It could be said that the discombobulating labyrinth, mythically inhabited by the ravening minotaur, is an apt metaphor for our confusing and perilous times. Certainly mazes and matters-labyrinthine seem to be on the mind of many contemporary artists, as is amply confirmed by In the Labyrinth, an elegantly curated mixed show that opened at the Large Glass Gallery on Caledonian Road (until 5 April). Here, works range from Alice Channer’s whorled crushed skein of high-tech silver lamé wrapped around an ammonite fossil, to Helen Mirra’s woven wool-and-linen-work depicting patterns from an Ancient Greek tablet. Dorothy Cross gave us two hemispheres of a human cranium, each lined with gold leaf and indented with the looped maze-like lines of the brain.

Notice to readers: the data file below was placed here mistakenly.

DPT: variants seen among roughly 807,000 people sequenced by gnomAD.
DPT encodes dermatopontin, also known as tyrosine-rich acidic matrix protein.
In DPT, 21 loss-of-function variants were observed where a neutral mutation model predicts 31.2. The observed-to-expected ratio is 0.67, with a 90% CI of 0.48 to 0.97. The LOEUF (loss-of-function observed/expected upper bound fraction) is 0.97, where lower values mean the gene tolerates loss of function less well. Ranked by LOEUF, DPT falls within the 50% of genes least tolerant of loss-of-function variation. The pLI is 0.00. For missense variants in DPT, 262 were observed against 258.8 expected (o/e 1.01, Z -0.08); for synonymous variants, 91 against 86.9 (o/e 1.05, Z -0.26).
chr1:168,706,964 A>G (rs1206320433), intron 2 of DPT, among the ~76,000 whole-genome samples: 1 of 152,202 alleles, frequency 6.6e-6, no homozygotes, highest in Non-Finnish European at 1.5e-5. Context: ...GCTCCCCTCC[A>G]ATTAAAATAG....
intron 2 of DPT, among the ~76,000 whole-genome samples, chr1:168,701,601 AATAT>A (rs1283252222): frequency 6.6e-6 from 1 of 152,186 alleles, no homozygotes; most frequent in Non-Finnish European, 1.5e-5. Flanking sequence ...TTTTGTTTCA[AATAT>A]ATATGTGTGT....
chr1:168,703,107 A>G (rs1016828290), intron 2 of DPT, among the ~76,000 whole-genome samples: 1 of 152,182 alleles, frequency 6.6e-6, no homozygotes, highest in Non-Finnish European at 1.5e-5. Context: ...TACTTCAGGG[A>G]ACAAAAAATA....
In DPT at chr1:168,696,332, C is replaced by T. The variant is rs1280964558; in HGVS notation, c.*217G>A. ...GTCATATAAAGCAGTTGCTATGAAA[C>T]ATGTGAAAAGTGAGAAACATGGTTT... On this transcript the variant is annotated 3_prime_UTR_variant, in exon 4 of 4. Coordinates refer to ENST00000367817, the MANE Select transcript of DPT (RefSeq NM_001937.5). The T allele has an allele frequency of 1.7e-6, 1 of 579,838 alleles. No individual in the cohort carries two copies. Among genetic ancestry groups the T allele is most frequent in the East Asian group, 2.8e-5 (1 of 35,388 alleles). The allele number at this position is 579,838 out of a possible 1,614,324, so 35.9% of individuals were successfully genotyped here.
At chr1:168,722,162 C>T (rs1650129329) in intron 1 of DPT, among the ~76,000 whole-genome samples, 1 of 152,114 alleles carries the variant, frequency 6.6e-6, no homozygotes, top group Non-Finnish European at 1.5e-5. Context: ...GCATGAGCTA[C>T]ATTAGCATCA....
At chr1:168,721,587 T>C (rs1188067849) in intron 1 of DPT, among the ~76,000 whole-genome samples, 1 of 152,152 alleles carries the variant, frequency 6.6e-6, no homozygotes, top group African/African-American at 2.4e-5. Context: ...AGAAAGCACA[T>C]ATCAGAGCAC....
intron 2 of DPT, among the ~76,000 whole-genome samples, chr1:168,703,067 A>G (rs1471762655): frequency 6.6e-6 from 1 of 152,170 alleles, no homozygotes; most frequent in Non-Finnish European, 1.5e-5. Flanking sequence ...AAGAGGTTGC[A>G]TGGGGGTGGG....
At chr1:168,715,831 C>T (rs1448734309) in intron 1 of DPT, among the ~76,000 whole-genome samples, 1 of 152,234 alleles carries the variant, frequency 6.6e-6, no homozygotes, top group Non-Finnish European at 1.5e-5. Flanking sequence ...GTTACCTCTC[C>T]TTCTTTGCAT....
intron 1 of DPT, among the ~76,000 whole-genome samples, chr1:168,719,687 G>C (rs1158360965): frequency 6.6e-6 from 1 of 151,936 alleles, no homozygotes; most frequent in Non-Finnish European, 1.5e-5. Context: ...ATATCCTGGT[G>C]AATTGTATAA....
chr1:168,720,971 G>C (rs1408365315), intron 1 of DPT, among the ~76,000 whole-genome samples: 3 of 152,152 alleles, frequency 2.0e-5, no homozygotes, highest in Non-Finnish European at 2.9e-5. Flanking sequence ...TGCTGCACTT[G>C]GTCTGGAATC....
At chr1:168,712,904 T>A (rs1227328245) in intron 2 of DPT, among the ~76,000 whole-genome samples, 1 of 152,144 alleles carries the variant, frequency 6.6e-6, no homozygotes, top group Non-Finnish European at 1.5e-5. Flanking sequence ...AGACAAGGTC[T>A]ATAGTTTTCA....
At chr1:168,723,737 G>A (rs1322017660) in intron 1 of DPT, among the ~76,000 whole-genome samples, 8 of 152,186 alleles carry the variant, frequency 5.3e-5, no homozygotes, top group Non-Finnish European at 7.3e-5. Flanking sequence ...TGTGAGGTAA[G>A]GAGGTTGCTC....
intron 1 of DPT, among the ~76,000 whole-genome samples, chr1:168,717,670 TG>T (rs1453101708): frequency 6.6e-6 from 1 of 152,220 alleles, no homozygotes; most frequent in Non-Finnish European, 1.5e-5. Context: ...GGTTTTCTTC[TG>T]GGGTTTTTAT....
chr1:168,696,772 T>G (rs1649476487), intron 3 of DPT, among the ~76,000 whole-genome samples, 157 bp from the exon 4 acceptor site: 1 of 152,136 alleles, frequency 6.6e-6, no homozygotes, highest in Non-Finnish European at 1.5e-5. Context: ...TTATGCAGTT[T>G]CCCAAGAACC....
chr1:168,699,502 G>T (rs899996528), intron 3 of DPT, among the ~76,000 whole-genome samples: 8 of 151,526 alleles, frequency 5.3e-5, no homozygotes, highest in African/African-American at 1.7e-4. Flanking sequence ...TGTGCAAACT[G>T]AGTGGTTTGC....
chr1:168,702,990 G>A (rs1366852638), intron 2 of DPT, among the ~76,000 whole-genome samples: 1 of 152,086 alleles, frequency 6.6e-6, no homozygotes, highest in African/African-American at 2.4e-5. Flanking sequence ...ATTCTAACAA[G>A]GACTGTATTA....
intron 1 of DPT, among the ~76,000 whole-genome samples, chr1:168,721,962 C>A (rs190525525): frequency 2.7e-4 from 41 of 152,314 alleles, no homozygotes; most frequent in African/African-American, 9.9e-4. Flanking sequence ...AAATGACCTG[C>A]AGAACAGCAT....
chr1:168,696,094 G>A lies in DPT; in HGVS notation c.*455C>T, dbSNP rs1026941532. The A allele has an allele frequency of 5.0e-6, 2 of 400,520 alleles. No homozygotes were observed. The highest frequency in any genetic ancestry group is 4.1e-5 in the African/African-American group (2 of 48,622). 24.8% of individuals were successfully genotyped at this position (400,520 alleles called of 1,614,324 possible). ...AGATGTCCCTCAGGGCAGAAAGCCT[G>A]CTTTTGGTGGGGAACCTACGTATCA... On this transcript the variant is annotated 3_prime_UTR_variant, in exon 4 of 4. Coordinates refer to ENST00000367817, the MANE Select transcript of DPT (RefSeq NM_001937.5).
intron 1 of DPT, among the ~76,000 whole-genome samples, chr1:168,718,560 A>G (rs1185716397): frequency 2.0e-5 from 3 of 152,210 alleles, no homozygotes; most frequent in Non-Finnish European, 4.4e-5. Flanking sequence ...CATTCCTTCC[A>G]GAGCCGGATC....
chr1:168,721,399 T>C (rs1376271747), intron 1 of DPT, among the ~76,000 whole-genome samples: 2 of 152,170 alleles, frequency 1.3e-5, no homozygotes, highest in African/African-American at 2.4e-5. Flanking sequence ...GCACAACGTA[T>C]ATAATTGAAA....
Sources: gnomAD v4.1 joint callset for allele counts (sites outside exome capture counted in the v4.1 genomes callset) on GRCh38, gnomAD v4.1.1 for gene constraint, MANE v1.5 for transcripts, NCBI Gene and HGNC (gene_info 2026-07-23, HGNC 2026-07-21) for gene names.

But no exhibition on the subject would be complete without London’s maestro of the labyrinthine, Mark Wallinger, whose 270 labyrinth signs are permanently on display in every station across the underground network. Both Wallinger and his work were very much in evidence last night with an enlarged version of his circular labyrinth for Embankment underground station emblazoned across the gallery’s street-front window and inside, another sign identical to the one installed on the Northern Line platform at Hampstead.
Wallinger also features in Red Thread: On Mazes and Labyrinths (2018), the richly erudite and compellingly personal book by Charlotte Higgins, the Guardian’s chief culture writer, which provided the initial inspiration for the Large Glass show. Both tome and exhibition were fulsomely toasted at the packed opening by an exuberant crowd including the artists Fiona Banner, Grayson Perry, Jeff McMillan and the actress Diana Quick. For as Higgins herself declares, “there may be terrors within the labyrinth but there is also love.”
- In the Labyrinth, Large Glass, London, until 5 April